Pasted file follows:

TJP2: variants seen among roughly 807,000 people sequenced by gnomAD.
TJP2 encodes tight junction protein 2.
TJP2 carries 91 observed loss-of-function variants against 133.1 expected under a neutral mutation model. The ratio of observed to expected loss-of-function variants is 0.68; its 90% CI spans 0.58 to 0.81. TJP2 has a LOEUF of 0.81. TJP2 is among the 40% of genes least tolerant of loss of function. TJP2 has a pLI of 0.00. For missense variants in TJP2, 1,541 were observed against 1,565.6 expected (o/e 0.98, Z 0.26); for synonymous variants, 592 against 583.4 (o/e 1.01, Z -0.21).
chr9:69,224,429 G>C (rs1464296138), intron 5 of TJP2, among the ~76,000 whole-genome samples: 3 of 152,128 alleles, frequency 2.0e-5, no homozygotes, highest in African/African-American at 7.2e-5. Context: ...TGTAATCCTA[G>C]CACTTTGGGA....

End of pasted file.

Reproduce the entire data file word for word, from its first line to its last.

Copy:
TJP2: variants seen among roughly 807,000 people sequenced by gnomAD.
TJP2 encodes tight junction protein 2.
TJP2 carries 91 observed loss-of-function variants against 133.1 expected under a neutral mutation model. The ratio of observed to expected loss-of-function variants is 0.68; its 90% CI spans 0.58 to 0.81. TJP2 has a LOEUF of 0.81. TJP2 is among the 40% of genes least tolerant of loss of function. TJP2 has a pLI of 0.00. For missense variants in TJP2, 1,541 were observed against 1,565.6 expected (o/e 0.98, Z 0.26); for synonymous variants, 592 against 583.4 (o/e 1.01, Z -0.21).
chr9:69,224,429 G>C (rs1464296138), intron 5 of TJP2, among the ~76,000 whole-genome samples: 3 of 152,128 alleles, frequency 2.0e-5, no homozygotes, highest in African/African-American at 7.2e-5. Context: ...TGTAATCCTA[G>C]CACTTTGGGA....